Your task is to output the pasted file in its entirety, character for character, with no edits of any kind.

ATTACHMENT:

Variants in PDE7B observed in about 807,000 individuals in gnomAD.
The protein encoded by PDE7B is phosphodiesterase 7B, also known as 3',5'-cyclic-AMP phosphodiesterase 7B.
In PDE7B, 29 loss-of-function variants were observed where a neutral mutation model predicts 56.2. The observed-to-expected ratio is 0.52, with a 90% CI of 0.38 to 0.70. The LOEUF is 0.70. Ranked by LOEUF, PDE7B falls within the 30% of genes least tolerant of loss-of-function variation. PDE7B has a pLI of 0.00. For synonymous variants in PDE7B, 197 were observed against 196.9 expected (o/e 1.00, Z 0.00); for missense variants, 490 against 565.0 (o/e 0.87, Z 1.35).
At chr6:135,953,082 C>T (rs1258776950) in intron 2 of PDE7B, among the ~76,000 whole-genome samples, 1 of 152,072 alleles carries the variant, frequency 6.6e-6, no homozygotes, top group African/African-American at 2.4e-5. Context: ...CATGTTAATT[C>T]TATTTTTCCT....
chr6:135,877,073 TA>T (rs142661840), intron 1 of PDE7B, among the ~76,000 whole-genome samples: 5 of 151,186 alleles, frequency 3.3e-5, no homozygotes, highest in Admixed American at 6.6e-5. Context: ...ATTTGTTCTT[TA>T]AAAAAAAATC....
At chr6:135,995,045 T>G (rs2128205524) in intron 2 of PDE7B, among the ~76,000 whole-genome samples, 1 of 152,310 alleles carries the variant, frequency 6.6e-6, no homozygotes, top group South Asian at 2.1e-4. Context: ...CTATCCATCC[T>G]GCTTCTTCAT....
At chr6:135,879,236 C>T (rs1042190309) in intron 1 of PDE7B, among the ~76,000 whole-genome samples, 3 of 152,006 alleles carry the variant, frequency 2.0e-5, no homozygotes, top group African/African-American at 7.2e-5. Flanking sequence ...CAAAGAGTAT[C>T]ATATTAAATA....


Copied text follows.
Variants in PDE7B observed in about 807,000 individuals in gnomAD.
The protein encoded by PDE7B is phosphodiesterase 7B, also known as 3',5'-cyclic-AMP phosphodiesterase 7B.
In PDE7B, 29 loss-of-function variants were observed where a neutral mutation model predicts 56.2. The observed-to-expected ratio is 0.52, with a 90% CI of 0.38 to 0.70. The LOEUF is 0.70. Ranked by LOEUF, PDE7B falls within the 30% of genes least tolerant of loss-of-function variation. PDE7B has a pLI of 0.00. For synonymous variants in PDE7B, 197 were observed against 196.9 expected (o/e 1.00, Z 0.00); for missense variants, 490 against 565.0 (o/e 0.87, Z 1.35).
At chr6:135,953,082 C>T (rs1258776950) in intron 2 of PDE7B, among the ~76,000 whole-genome samples, 1 of 152,072 alleles carries the variant, frequency 6.6e-6, no homozygotes, top group African/African-American at 2.4e-5. Context: ...CATGTTAATT[C>T]TATTTTTCCT....
chr6:135,877,073 TA>T (rs142661840), intron 1 of PDE7B, among the ~76,000 whole-genome samples: 5 of 151,186 alleles, frequency 3.3e-5, no homozygotes, highest in Admixed American at 6.6e-5. Context: ...ATTTGTTCTT[TA>T]AAAAAAAATC....
At chr6:135,995,045 T>G (rs2128205524) in intron 2 of PDE7B, among the ~76,000 whole-genome samples, 1 of 152,310 alleles carries the variant, frequency 6.6e-6, no homozygotes, top group South Asian at 2.1e-4. Context: ...CTATCCATCC[T>G]GCTTCTTCAT....
At chr6:135,879,236 C>T (rs1042190309) in intron 1 of PDE7B, among the ~76,000 whole-genome samples, 3 of 152,006 alleles carry the variant, frequency 2.0e-5, no homozygotes, top group African/African-American at 7.2e-5. Flanking sequence ...CAAAGAGTAT[C>T]ATATTAAATA....